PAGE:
In a neighbouring territory, the fledglings have now been out of their nest for two months (so they are three months old) and they look much more like adult birds. In the above photo, the bird in the fore is a fledgling, that behind is its father. The bulges of stray downy feathers on the young bird's flanks catch the light as they stick up from the body. Those on the adult male lie flat and the under-tail coverts are longer and well streaked.

As most people view frogmouths from below, it is perhaps best to focus on what can be seen from below to guide aging these birds. And tails are the most obvious feature from that angle. The adult's tail on the left is long and smoothly edged. The youngster's tail on the right is shorter and ragged. The individual feathers are smooth, but they are of different lengths as they grow. When scrutinised, the young birds tail feathers look very smooth-tipped, the adult's tail fathers are usually frayed and chipped with wear as the bird has had most of them for a year or more. They will have pairs of fresher feathers within the mix as new ones are grown in replacement of those moulted out, but it is difficult to see that detail in the field.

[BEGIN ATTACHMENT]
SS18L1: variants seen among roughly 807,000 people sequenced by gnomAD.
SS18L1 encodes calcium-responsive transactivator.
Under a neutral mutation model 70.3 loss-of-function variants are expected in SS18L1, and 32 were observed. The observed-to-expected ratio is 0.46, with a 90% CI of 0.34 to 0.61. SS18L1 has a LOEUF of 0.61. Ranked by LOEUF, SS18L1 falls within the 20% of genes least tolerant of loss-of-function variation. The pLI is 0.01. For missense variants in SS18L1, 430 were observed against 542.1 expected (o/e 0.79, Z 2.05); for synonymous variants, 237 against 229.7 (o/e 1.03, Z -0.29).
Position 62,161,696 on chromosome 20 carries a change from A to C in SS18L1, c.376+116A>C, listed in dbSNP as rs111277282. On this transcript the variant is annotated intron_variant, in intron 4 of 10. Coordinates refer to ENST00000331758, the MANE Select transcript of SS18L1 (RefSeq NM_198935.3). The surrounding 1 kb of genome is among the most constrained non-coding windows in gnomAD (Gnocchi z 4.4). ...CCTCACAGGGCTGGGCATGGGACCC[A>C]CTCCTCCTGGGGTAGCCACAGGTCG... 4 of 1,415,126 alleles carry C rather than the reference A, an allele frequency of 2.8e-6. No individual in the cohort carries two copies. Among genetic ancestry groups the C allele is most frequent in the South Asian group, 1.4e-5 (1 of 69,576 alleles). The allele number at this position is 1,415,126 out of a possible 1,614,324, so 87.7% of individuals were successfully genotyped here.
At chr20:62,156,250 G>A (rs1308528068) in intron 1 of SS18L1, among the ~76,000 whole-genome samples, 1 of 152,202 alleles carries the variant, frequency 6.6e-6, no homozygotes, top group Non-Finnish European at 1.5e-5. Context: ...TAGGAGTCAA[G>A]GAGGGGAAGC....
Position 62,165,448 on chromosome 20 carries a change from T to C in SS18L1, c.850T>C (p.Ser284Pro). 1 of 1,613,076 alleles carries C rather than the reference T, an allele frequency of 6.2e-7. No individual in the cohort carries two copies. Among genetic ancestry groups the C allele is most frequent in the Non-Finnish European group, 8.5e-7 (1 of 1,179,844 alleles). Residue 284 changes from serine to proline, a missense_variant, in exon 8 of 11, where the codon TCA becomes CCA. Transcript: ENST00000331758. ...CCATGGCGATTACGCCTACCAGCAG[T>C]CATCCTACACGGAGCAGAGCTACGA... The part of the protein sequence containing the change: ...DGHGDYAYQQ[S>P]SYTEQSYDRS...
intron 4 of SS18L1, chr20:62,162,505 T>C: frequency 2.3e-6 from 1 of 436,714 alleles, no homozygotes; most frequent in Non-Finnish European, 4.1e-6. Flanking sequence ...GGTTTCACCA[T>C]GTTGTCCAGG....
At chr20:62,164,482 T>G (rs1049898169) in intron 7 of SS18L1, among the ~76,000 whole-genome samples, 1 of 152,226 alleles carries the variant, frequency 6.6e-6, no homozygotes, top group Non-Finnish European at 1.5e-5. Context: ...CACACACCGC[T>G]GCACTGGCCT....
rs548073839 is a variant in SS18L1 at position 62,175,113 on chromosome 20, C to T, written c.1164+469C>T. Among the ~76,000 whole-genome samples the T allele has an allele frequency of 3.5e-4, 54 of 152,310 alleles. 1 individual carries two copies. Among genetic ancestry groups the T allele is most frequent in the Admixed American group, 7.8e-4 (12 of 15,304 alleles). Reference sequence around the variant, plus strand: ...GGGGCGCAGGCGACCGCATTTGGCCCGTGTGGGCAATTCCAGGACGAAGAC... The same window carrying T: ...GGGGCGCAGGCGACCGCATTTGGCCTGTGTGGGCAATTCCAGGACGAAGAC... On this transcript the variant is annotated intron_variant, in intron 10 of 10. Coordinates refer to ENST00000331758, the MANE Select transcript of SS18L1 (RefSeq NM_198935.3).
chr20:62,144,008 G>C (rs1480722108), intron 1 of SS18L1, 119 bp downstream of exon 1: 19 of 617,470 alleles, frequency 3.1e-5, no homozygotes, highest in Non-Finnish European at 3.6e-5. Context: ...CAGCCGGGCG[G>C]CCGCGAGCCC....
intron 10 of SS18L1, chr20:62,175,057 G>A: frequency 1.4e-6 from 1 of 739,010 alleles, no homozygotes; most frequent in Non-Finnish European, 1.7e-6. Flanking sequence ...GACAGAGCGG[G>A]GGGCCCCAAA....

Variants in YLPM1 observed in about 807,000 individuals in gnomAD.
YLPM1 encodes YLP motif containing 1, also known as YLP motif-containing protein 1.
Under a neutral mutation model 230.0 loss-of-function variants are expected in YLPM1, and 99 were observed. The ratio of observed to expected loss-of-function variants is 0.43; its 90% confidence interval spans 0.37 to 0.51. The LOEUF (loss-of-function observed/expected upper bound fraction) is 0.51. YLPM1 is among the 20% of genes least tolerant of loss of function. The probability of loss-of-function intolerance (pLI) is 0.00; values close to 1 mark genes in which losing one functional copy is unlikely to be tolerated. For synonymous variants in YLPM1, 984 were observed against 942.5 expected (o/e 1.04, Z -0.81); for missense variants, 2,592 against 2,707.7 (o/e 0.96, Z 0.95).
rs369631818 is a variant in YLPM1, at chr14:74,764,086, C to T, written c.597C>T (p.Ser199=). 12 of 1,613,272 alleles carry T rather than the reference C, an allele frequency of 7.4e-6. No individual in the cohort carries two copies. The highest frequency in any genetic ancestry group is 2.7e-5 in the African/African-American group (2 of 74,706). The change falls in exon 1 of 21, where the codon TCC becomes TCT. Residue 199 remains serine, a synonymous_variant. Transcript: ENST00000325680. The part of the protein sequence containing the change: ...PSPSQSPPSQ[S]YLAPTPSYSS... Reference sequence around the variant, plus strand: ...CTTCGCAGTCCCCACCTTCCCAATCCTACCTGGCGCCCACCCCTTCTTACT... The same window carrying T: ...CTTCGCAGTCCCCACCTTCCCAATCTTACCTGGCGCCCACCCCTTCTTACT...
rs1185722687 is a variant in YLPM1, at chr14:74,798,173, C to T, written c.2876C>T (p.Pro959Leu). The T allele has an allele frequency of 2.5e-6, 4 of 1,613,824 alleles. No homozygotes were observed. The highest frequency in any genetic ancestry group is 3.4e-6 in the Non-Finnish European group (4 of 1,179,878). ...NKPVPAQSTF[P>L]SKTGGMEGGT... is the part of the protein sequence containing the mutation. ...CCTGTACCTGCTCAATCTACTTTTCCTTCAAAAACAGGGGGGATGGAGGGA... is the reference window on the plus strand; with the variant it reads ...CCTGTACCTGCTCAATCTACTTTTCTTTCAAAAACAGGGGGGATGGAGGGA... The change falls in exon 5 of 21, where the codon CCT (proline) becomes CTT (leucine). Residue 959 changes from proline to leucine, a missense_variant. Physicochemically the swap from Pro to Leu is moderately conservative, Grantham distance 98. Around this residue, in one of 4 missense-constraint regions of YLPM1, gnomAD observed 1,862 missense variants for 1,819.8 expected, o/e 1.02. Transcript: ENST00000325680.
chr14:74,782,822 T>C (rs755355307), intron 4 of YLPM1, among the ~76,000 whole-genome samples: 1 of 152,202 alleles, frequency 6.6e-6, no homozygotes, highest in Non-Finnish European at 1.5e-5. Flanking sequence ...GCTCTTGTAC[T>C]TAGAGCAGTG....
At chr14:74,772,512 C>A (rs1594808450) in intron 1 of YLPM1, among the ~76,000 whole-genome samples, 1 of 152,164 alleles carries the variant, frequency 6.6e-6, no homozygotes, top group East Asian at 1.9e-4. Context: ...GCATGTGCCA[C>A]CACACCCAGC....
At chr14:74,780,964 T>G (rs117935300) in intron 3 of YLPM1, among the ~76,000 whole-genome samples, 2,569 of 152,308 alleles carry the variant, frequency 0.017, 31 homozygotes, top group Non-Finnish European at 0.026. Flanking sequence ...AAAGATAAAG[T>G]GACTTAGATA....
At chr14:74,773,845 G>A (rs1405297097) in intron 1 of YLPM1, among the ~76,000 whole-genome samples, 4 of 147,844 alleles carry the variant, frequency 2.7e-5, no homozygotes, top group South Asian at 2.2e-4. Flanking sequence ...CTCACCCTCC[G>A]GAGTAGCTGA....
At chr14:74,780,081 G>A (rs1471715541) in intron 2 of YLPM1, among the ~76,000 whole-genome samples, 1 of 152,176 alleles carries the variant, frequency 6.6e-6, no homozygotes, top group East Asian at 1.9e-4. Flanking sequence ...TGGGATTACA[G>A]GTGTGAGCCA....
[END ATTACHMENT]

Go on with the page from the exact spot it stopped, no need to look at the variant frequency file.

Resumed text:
In another month, they will be almost indistinguishable, but there are ways to tell.

Wednesday, 24 January 2018

Metamorphosing into chrysalides 

A Tailed Emperor Charaxes sempronius Caterpillar curls up in preparation for metamorphosing into a chrysalis - the final stage before it then metamorphoses into an adult butterfly. (See the previous posts for further details on my watch of these caterpillars)